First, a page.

Since I eat quite a lot of lard I was a bit worried about it's high PUFA content of approx. 12%.
But then I vaguely remembered an article which said that lard and human adipose tissue have a similar composition. After a little bit of research I found this pdf:
According to this study, the average human adipose tissue comprises of:
- MUFA: ~65%
- PUFA: ~12%
- SFA: ~23%
This is indeed nearly the same PUFA content as in lard. Although various sources state that overall PUFA consumption should be limited to less than 4% of the complete caloric intake.
Now the question is:
I assume the human body stores it's fat exactly in the most healthy composition. Anything else wouldn't make any sense from an evolutionary stance. Therefore, anybody burning body fat would automatically have a PUFA consumption of ~12%.
Can I conclude that a PUFA intake from lard is optimal for humans? And that the 4%-PUFA-calories-a-day rule doesn't sustain?
I should have mentioned that the study is about the adipose tissue composition of dialysis patients on the island of Crete - anyway the control group has nearly the same values.
Thanks for the answers so far! So it seems that like grainfed animals' fat composition changes along with their diet, the ratios in human adipose tissue change as well with diet.
Has anybody a comparable study about human adipose tissue composition maybe in other cultures?
asked byThomy (2384)
Get FREE instant access to our Paleo For Beginners Guide & 15 FREE Recipes!
on January 10, 2012
at 11:04 PM
I would not conclude that the PUFA content of adipose tissue of a specific population means that dietary PUFA in the same composition is optimal.
This diagram from Bill Lands' work (from a Stephan Guyenet blog post) shows that the amount of omega 6 in adipose tissue is directly related to the amount of dietary omega 3 and omega 6 ... and that the best bet is to keep omega 6 low, especially if you aren't getting sufficient omega 3.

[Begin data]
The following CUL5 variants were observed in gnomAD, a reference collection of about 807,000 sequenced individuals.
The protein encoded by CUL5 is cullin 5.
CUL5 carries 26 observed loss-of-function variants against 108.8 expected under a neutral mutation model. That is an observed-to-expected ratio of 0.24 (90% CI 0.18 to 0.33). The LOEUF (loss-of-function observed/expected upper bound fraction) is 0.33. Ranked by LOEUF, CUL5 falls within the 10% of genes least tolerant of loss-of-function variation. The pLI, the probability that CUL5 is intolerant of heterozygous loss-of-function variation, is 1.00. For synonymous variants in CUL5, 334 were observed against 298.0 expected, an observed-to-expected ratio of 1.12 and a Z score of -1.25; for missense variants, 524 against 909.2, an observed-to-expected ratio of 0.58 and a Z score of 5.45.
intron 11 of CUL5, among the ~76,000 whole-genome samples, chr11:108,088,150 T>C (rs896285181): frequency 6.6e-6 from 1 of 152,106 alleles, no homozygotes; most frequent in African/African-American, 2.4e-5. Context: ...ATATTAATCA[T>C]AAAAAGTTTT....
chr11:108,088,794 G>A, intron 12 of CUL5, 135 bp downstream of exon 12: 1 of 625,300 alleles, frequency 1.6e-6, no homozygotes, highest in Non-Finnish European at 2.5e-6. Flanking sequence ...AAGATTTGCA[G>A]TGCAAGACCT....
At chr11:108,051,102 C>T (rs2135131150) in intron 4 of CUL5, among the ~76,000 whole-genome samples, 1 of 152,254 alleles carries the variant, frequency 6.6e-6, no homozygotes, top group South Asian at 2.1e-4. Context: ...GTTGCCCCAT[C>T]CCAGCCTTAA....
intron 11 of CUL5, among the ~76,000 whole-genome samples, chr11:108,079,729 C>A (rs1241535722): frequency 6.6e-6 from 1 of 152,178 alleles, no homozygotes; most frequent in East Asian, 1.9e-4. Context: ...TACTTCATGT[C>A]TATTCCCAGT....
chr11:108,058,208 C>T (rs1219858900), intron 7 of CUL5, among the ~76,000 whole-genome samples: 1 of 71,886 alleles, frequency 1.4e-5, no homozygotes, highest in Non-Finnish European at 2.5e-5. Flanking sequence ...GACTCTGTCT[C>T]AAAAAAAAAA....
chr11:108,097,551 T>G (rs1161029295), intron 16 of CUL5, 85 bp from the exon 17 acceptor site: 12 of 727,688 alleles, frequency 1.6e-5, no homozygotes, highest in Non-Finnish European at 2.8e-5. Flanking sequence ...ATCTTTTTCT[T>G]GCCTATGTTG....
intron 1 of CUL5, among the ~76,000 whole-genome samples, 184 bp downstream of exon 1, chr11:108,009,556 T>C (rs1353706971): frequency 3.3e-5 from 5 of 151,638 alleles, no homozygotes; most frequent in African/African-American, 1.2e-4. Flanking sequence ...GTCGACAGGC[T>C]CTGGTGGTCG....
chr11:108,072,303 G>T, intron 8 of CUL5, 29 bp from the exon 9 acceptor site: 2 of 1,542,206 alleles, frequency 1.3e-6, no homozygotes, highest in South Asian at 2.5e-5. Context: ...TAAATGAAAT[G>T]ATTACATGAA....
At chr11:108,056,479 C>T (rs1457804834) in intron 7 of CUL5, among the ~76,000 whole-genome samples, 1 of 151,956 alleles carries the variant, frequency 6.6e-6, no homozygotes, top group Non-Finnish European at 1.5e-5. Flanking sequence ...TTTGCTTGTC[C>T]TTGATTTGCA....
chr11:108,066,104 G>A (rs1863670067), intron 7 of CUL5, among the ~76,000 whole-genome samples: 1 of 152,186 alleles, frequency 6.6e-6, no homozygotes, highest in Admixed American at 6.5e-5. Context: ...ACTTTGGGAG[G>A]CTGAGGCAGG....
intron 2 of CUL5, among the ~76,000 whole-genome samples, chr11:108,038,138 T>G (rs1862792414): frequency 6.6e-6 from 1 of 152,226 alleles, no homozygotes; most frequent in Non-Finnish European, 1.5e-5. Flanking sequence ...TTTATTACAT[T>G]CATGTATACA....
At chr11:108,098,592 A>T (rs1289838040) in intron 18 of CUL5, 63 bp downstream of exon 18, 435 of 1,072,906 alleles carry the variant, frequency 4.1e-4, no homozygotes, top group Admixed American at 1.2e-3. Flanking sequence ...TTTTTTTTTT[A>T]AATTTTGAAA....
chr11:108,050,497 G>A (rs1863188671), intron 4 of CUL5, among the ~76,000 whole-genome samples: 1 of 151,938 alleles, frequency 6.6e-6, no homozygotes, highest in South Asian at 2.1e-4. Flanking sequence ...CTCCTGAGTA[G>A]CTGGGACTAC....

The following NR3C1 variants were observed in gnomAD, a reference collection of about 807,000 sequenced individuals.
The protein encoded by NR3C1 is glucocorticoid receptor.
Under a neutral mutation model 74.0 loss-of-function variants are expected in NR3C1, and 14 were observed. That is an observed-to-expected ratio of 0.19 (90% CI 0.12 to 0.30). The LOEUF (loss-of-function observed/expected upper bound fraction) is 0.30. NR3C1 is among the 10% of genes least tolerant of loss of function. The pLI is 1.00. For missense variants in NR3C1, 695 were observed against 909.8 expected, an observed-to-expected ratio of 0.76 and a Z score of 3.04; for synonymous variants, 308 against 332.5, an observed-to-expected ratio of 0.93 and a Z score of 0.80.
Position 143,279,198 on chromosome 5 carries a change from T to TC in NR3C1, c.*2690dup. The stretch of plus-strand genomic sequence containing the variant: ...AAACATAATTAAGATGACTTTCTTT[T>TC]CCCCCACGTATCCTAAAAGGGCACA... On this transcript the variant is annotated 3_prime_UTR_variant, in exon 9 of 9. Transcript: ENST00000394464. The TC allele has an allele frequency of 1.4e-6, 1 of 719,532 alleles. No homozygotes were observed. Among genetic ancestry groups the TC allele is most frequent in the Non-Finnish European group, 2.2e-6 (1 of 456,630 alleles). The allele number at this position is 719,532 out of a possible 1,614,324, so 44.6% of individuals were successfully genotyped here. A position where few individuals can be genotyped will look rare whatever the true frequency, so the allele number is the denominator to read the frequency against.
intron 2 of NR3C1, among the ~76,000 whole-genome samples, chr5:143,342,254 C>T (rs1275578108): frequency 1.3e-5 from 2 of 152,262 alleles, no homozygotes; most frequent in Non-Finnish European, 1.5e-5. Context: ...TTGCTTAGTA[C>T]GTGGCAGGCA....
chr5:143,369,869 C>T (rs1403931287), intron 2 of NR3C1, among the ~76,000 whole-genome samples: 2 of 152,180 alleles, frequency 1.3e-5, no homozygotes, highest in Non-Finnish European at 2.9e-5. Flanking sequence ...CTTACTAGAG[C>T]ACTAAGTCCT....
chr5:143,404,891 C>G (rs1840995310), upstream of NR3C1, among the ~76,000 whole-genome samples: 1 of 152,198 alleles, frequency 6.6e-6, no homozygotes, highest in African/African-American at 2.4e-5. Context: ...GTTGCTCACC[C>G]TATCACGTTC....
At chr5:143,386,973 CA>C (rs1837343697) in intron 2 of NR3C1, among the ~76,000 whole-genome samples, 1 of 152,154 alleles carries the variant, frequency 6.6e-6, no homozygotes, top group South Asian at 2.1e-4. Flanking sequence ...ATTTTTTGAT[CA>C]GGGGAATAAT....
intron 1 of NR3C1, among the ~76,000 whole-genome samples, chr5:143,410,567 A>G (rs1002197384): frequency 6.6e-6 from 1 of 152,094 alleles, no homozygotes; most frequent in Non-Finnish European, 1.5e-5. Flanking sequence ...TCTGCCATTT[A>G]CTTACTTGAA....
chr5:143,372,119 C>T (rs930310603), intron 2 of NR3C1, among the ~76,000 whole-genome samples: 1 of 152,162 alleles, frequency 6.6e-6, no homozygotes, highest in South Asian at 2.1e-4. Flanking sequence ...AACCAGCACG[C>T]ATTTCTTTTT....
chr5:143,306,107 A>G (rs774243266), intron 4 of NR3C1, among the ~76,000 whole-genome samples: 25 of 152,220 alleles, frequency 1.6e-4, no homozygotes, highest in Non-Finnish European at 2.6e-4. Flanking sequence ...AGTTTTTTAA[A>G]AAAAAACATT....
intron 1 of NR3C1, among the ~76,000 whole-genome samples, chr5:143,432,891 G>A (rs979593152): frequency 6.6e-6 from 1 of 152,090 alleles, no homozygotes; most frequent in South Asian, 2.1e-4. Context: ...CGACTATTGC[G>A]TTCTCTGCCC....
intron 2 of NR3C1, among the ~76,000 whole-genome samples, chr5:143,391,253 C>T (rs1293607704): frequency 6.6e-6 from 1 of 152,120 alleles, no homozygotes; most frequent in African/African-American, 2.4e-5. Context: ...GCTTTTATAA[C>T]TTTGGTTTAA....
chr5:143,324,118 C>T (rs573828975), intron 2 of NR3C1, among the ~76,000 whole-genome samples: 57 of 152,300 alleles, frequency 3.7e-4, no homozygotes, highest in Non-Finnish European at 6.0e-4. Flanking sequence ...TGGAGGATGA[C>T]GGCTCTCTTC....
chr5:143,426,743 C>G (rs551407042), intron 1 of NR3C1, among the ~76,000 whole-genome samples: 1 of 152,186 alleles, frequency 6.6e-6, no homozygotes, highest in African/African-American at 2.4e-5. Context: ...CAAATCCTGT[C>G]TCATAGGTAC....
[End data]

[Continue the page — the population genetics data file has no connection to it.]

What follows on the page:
My take is that lard is fine as a fat source ... unless it turns out to be half or more of your calories. Or unless you're getting lots of omega 6s from other sources.
on January 10, 2012
at 11:05 PM
Your conclusions are way off. The composition of our fat depots reflects that of our diets. The link you have given only tells you what that composition is for dialysis patients on the island of Crete. The PUFA content of lard is too high, though you're likely leagues ahead of where someone who eats the SAD is.
on January 11, 2012
at 12:46 AM
Interesting how you can get confirmation of completely off-topic ideas by reading hacks. This discussion is further confirmation for me that the fat we eat becomes our stored fat untransformed by the liver. Into the bloodstream direct from the GI, and from there direct to the adipose if we are storing. A high carb/fat food (like a twinkie), eaten in excess so blood glucose is sky high, and we store whatever fat a twinkie contains. Same goes for pig lard, olive oil or beef tallow. If you are what you eat I'd rather be an animal than a twinkie.